NBC's Lauer 'On the Prowl for Victims' in Environmental Crusade

     Just when you thought it was safe to grocery shop …

     Armed with “Today”-branded tote bags and environmentalist talking points about paper and plastic shopping bags, “Today” show host Matt Lauer pestered shoppers at a Manhattan grocery store for the last installment of the “Today Goes Green” series on January 25.

      “Paper or plastic? Turns out the right answer should be neither,” Lauer said, adding that Americans dispose of 100 billion plastic bags every year. “And where does it all go? Everywhere. Just about every piece of plastic we’ve every used still exists, clogging up landfills, spilling over the landscape for washing out to sea.”

      “I’m on the prowl for victims, converts in our growing movement,” Lauer said while roaming the aisles of an upscale Food Emporium store in the Bridgemarket neighborhood of New York City. He stopped shoppers to ask questions like, “Do you have any idea how many plastic bags you accumulate in the average month?”

     “A lot, a lot,” one unidentified female shopper responded. “Probably during the given week maybe five, at least.”

     Lauer didn’t mention the possibilities for reusing plastic or paper bags. He only suggested they could be brought back to the store. But they also make great home trash bags, sacks for carrying lunches, or even cheap gift wrap. He also didn't shed any light on how much energy it takes to manufacture canvas bags.

      “Do you always get plastic bags?,” Lauer demanded of a man carrying his groceries in plastic. ““No I don’t normally. I usually bring a, I have one of those,” the man said, pointing to Lauer’s stash of canvas bags. “Yeah but I was lazy this morning so I rushed.”

     “If you think that we throw away a hundred billion plastic a year, it’s like taking 12 million barrels of oil and dumping it down the drain,” Lauer told another female shopper, who relented and said, “Okay, all right, I’ll take a bag.”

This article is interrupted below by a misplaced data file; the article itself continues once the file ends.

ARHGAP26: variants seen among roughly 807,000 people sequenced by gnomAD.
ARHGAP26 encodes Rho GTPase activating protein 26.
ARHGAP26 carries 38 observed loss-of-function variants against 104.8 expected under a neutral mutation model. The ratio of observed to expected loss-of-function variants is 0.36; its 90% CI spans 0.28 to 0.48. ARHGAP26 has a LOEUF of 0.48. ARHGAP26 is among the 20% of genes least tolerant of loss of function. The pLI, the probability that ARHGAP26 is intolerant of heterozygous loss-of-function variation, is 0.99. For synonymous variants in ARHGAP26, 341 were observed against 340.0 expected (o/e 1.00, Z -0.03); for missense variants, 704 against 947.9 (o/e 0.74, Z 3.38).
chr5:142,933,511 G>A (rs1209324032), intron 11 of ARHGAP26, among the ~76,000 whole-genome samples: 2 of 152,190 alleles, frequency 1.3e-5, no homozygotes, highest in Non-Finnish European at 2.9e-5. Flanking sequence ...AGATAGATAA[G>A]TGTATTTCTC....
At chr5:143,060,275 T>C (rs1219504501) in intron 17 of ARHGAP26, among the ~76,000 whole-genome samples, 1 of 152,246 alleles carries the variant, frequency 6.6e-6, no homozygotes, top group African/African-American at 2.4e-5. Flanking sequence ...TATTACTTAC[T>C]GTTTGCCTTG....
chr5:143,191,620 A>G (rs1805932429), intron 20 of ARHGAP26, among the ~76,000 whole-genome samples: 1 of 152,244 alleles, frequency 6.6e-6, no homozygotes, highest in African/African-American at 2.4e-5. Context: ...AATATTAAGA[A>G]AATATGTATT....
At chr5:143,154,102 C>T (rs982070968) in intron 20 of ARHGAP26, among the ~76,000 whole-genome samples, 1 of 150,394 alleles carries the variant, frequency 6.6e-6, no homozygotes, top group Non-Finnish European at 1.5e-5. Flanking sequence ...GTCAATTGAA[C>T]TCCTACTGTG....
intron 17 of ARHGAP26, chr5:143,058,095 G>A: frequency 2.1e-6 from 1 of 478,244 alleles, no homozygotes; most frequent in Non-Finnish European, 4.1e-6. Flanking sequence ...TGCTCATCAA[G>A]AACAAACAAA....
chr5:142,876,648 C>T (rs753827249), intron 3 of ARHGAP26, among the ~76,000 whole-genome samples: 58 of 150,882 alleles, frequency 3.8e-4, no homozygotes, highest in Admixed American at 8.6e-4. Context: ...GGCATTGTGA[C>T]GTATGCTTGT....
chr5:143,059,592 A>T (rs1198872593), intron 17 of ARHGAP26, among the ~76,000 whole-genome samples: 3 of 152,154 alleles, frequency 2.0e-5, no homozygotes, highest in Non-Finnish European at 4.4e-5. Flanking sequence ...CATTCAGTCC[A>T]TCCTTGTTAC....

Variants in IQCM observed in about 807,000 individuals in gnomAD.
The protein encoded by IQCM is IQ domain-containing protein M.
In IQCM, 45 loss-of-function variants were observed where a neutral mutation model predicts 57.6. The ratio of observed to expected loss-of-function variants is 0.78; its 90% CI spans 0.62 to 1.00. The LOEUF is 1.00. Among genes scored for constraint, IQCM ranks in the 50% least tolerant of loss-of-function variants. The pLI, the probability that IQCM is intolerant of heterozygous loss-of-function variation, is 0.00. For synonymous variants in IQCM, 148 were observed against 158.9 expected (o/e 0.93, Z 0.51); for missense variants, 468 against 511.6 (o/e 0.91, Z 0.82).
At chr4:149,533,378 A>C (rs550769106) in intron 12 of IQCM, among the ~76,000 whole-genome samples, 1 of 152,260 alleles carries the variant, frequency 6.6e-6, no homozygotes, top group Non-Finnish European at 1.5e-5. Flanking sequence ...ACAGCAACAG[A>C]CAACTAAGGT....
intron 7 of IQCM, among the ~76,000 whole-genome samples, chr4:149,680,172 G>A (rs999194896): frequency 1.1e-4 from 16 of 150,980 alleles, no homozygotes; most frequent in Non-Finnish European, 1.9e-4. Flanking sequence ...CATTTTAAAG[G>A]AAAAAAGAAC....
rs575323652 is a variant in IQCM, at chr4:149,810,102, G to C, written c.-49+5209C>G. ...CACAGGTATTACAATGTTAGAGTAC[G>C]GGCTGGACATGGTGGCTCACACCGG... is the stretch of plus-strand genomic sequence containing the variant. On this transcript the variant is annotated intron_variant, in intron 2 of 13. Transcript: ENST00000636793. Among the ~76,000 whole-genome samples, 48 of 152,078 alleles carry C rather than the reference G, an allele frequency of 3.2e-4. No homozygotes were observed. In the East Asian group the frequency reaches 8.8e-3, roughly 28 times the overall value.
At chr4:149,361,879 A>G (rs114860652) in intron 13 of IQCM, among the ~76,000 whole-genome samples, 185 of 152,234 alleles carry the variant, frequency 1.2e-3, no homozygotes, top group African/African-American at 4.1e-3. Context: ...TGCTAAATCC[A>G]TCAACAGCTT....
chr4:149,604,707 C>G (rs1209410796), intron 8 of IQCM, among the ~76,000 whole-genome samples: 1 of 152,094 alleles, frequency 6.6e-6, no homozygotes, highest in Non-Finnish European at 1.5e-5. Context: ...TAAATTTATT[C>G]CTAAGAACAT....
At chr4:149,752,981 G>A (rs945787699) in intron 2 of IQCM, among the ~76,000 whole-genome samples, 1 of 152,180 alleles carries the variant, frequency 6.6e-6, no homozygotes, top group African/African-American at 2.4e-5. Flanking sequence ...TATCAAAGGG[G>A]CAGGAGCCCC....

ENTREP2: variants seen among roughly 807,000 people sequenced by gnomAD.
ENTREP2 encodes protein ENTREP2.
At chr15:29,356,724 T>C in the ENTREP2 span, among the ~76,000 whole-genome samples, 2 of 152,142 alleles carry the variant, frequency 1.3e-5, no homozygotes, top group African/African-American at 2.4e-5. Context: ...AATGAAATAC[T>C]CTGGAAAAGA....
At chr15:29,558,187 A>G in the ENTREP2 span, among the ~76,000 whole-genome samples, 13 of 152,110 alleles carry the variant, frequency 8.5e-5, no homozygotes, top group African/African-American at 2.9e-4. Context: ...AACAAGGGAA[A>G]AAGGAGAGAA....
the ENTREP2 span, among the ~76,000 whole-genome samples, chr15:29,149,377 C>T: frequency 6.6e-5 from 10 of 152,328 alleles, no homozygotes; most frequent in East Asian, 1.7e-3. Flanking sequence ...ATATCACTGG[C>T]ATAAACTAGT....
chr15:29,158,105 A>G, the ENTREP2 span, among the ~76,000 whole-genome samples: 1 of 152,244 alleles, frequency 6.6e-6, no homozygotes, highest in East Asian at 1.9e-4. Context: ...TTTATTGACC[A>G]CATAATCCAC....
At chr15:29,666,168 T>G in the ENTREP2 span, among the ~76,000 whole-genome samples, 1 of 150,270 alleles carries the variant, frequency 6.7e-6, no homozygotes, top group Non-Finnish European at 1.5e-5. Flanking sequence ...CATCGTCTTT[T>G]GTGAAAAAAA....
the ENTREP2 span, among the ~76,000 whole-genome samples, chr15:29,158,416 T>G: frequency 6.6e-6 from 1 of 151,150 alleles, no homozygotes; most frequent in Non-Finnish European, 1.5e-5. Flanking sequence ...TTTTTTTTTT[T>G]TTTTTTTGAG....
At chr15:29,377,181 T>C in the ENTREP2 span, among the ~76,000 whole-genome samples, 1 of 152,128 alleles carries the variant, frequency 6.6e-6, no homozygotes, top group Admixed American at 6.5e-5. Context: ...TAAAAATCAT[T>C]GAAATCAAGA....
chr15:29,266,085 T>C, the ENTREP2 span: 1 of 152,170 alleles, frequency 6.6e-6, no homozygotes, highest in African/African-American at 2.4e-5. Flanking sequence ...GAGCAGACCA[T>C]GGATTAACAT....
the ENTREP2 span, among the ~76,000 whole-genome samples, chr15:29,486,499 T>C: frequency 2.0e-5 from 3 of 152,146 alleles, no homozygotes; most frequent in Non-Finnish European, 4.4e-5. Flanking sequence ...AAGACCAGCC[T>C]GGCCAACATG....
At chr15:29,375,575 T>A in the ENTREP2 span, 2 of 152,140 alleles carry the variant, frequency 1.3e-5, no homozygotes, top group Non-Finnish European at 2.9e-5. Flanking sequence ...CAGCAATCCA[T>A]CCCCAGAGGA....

For a little context, the United States imported more than 10 million barrels of crude oil per day in 2006. Even if Lauer’s figure is accurate, plastic bags account for only 0.32 percent of the oil imported into the United States every year.

     Lauer also interviewed an unidentified sales clerk – at least she was dressed as a sales clerk and stood behind the cash register – who said about 16 percent of Food Emporium shoppers bring their own bags. But, she added, the reusable bags they have for sale are so very popular.

      “We can’t keep enough of these bags here,” she said, prompting Lauer to praise her for being “a great sales person.” He eventually bought a few bags of his own, which he later distributed to co-hosts Ann Curry and Al Roker on the “Today” show set, where, for some unknown reason, they were surrounded by probably hundreds of fresh paper bags.

     Lauer didn’t mention how much Food Emporium’s reusable canvas bags cost, or the environmental implications associated with growing and harvesting the cotton used to manufacture them. (The only canvas bag on the NBC Web site is an organic tote bag affiliated with its “iVillage” show. It sells for $19.95.)

     Lauer’s hit piece on plastic and paper gave one whole sentence to the industry. “A trade group for plastic bag manufacturers told us they’re working to fight pollution by helping reduce wasteful bagging, urging people to reuse bags where appropriate and getting the word out to shoppers about in-store recycling programs,” he said at the end of the report.

     The “Today Goes Green” series was supposed to be a light-hearted way to encourage viewers to be more environmentally friendly. But the fact that the hosts made jokes and acted silly during the segments doesn’t make their misleading reports any more accurate or fair. Ann Curry threw her hands in the air and said, “Save the world!” promising that she would go out and buy a grocery tote.

     The January 22 segment on carpooling exaggerated the potential benefits of carpooling and largely ignored the downsides to depending on other people for a ride to work. Lauer even mocked the idea by comparing daily carpooling to living in a tree!

     The January 23 segment on compact fluorescent light bulbs found Meredith Vieira praising a government mandate which effectively bans cheaper incandescent bulbs for the more expensive, yet more efficient, fluorescent bulbs. She also forgot to mention that GE, which owns NBC, is a major manufacturer of the new bulbs.

     Then Lauer’s final segment January 25 found him accosting innocent shoppers and demanding to know – even if jokingly – if they would switch to canvas bags and claiming the “green” movement as “our movement.” Objective journalists? It wouldn’t seem so.